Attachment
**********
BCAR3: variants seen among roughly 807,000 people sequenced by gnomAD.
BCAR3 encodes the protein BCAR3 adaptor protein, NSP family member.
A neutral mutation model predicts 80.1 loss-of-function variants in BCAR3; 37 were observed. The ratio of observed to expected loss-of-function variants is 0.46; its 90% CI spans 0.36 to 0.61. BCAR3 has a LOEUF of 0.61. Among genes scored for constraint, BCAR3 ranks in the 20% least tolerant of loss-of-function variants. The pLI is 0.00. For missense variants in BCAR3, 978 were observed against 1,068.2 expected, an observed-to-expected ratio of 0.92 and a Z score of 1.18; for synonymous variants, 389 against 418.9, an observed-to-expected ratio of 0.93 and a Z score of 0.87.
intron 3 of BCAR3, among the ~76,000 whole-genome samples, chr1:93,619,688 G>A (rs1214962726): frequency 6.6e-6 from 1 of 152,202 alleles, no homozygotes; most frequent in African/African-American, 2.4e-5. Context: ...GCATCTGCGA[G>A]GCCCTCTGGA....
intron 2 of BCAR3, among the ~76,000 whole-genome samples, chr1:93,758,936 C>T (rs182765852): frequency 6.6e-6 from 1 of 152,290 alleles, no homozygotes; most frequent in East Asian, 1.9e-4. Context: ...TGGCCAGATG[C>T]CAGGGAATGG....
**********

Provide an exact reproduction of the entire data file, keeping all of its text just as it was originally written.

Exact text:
BCAR3: variants seen among roughly 807,000 people sequenced by gnomAD.
BCAR3 encodes the protein BCAR3 adaptor protein, NSP family member.
A neutral mutation model predicts 80.1 loss-of-function variants in BCAR3; 37 were observed. The ratio of observed to expected loss-of-function variants is 0.46; its 90% CI spans 0.36 to 0.61. BCAR3 has a LOEUF of 0.61. Among genes scored for constraint, BCAR3 ranks in the 20% least tolerant of loss-of-function variants. The pLI is 0.00. For missense variants in BCAR3, 978 were observed against 1,068.2 expected, an observed-to-expected ratio of 0.92 and a Z score of 1.18; for synonymous variants, 389 against 418.9, an observed-to-expected ratio of 0.93 and a Z score of 0.87.
intron 3 of BCAR3, among the ~76,000 whole-genome samples, chr1:93,619,688 G>A (rs1214962726): frequency 6.6e-6 from 1 of 152,202 alleles, no homozygotes; most frequent in African/African-American, 2.4e-5. Context: ...GCATCTGCGA[G>A]GCCCTCTGGA....
intron 2 of BCAR3, among the ~76,000 whole-genome samples, chr1:93,758,936 C>T (rs182765852): frequency 6.6e-6 from 1 of 152,290 alleles, no homozygotes; most frequent in East Asian, 1.9e-4. Context: ...TGGCCAGATG[C>T]CAGGGAATGG....